On July 7, 2016, Texas’s Office of the Secretary released proposed rule changes to the Department of Health Services’ (DHS) Approved Methods of Treatment and Disposition of Medical Waste. The changes would require health care-related facilities to cremate and bury fetal tissues regardless of its gestation period. The government defends these changes because it thinks cremating and burying tissue remains respects the sanctity of life. However, these new rule changes were problematic for numerous reasons.
First, the proposed disposal methods would be more expensive. Previously, hospitals sanitized the tissues through steam, chlorine, and heat disinfection, and they had to pay only $50-$100 weekly for a third-party medical waste disposal company to pick up the tissues and deliver them to a sanitary landfill. Now, every fetal tissue could cost $1500-$4000 for each cremation, and $2000-$10000 for each burial, which is 8000%-10000% higher than before.
Second, the cremation and burial additions do not make waste disposal methods more effective at sanitizing tissues. In fact, cremation and burial are harmful to the environment. The average cremation produces about 250 pounds of CO2, or the equivalent amount of how much a typical American home produces in six days. Ashes also have a high pH value that prevents good nutrients within the cremated ashes from releasing into the soil naturally. Plants also cannot tolerate the ashes’ high sodium content. Burial sites also require ongoing maintenance such as lawn mowing and grounds upkeep.
Photo Credit: Florida Hospital Graduate Medical Education
Third, these proposed rules would put financial and administrative burdens on anyone affected. They did not specify who pays for the cremation and burial costs. In addition, if these fetal tissue disposals were treated like deaths, funeral directors would need electronically filed death reports, obtain burial-transit permits, issue death certificates, and file the certificates electronically. These electronic certificates would violate women’s privacy because information about their lost fetuses would be online and potentially available for public view. Moreover, the rules do not state where or how the fetuses will be buried.
Fourth, women who would already be suffering from their lost fetus through cases such as miscarriages would have to take their tissues at the designated health care facilities for disposal if they lose their fetus at home.
Finally, these proposed rule changes are so unclear that nobody knows what the consequences for improper disposal would be. If Texas follows similar states who already have these rules in places, such as Ohio and Georgia, health care providers could be charged with first-degree misdemeanors and serve up to 180 days in jail.
Photo Credit: Austin Chronicle
Due to the proposed rules’ ambiguity, financial strains, and intrusion on women’s health choices, numerous organizations such as the Texas Medical Association, the Texas Hospital Association, ACLU Texas, and the Funeral Consumers Alliance of Texas wrote statements explaining how the rules would hurt their clients and industries they represent. In September 2016, 5,687 people signed a petition to oppose the changes as well.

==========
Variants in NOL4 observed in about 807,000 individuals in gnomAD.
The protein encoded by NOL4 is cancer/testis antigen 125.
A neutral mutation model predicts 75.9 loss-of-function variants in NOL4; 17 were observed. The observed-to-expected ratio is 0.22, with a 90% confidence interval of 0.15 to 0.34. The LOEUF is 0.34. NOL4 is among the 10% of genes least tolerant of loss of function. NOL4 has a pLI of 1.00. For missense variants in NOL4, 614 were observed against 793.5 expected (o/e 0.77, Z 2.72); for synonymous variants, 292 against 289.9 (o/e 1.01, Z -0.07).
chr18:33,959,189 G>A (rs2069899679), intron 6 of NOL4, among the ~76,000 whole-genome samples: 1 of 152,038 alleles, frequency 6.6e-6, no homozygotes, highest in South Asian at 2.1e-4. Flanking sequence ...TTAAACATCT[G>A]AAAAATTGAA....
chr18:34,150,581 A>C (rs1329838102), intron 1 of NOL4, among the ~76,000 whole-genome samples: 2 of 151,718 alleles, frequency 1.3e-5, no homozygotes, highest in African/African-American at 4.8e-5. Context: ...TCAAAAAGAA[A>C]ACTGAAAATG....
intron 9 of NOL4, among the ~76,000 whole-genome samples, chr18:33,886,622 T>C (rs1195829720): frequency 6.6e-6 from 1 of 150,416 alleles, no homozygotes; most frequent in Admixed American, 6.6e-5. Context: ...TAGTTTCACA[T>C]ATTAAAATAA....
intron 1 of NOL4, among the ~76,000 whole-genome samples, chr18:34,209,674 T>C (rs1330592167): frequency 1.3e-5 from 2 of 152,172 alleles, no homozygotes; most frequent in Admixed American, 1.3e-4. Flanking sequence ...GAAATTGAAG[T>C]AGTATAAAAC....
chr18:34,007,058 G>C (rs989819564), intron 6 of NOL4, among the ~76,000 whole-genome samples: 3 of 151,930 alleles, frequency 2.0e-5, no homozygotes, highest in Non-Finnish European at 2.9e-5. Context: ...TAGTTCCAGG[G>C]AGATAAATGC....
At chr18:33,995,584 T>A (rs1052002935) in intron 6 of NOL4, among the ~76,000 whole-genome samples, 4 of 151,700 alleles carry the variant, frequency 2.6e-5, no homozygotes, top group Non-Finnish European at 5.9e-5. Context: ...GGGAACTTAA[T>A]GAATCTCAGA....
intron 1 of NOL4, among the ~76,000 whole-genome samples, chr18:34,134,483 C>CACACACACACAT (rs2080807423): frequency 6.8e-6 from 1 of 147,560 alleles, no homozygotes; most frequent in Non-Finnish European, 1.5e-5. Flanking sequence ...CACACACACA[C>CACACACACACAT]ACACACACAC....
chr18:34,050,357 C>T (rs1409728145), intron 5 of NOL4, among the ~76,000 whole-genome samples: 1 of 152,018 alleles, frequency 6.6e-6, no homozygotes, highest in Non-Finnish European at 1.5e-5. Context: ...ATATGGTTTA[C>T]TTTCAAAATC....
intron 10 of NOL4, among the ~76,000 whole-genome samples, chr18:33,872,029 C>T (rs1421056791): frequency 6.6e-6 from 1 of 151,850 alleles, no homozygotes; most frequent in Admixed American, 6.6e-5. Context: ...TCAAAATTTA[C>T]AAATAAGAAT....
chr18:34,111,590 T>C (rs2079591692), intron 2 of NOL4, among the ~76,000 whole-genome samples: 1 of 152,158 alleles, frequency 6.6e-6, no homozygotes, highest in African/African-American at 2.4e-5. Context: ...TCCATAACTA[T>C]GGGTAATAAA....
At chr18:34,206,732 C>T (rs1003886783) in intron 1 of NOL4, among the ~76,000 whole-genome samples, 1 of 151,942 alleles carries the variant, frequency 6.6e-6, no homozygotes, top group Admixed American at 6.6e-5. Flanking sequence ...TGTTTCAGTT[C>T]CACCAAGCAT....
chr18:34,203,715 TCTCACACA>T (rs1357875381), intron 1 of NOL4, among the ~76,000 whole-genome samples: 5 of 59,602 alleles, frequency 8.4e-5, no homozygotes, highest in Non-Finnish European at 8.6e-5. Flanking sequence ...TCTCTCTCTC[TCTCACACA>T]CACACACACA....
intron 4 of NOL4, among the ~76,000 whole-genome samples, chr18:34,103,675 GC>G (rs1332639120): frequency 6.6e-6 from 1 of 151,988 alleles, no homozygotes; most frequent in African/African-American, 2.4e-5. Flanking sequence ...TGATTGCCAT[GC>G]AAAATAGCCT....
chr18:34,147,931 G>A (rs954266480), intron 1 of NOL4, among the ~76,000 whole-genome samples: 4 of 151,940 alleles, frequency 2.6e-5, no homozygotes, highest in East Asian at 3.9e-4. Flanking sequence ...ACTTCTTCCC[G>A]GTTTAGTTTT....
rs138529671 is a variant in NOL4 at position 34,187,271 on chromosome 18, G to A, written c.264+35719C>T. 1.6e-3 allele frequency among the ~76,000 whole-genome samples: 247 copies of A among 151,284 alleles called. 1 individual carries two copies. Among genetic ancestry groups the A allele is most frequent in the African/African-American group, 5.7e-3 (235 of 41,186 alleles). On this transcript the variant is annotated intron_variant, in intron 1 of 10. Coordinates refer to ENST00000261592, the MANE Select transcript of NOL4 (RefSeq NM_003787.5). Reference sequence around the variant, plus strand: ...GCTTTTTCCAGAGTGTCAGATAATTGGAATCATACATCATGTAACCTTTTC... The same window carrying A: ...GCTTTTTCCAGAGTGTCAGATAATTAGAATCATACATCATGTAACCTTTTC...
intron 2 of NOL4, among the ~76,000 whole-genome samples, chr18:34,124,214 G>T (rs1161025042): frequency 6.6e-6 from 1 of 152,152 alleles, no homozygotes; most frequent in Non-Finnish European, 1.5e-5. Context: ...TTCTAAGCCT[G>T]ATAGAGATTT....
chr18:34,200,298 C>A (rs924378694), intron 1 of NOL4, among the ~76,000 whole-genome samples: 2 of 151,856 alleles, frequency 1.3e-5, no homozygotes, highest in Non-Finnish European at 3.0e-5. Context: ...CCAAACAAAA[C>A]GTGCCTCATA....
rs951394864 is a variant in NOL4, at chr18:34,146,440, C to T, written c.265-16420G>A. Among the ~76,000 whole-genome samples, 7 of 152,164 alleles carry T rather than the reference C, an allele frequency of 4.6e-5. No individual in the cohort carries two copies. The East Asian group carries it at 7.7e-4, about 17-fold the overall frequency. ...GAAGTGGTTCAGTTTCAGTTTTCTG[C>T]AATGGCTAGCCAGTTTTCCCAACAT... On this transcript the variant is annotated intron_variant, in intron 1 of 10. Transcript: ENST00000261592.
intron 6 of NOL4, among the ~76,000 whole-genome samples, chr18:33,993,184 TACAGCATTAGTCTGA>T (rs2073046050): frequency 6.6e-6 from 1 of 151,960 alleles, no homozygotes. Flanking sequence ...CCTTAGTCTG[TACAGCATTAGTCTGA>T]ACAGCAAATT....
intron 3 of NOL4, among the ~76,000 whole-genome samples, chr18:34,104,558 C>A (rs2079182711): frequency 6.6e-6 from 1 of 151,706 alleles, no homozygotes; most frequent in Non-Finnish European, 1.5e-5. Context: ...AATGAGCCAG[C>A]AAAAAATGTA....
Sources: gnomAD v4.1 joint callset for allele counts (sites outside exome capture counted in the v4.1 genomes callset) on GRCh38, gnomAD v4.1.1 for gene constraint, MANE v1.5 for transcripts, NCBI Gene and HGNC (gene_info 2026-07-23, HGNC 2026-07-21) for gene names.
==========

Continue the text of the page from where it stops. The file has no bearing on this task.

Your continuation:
Consequently, DHS edited the proposed rule changes again. This time however, DHS claimed that the rules would not increase costs because some private parties have offered to bury fetal remains for a discount or for free. Women who experience miscarriages at home would not have to bring their fetal tissues to a hospital for disposal. Finally, DHS admitted that the new rules are not intended to protect the environment or reduce risks to human health from environmental exposure.
But even with DHS’s edits, many problems linger. Nobody knows where these fetal remains will be held. DHS did not specify whether fetal tissue disposals require death certificates. Why are women who experience miscarriages at home exempt from this rule when the rule’s objective is to treat fetal tissues like the deceased? What happens if the women who miscarried choose to dispose their fetal tissues through previous disposal methods? What happens to health care providers who do not follow these new rules? Are they all going to jail?
Overall, these rule changes should not be implemented. They create more financial and bureaucratic headaches for health care providers and women than solutions for people who want fetal tissues to be disposed through respectful methods. The previous disposal methods did not cause any of these burdens. If it ain’t broke, don’t fix it.
For more information, please read:
1.Updated Proposed Rules as of September 30, 2016 Pg. 3-9
2. DePillis, Lydia. The Economics of Fetus Disposal. The Houston Chronicle (2016)
3. Bates, Jim. Public Comment to Proposed DSHS Rule. Funeral Consumers Alliance of Texas (2016)
5. Combs, Shanna M. Comment Regarding Waste Disposition Rules. Texas Medical Association
5. Rastogi, Nina. The Green Thereafter: How to Leave an Environmentally Corpse. The Green Lantern (2016)
6. Why Burying Ashes Is Harmful To Your Environment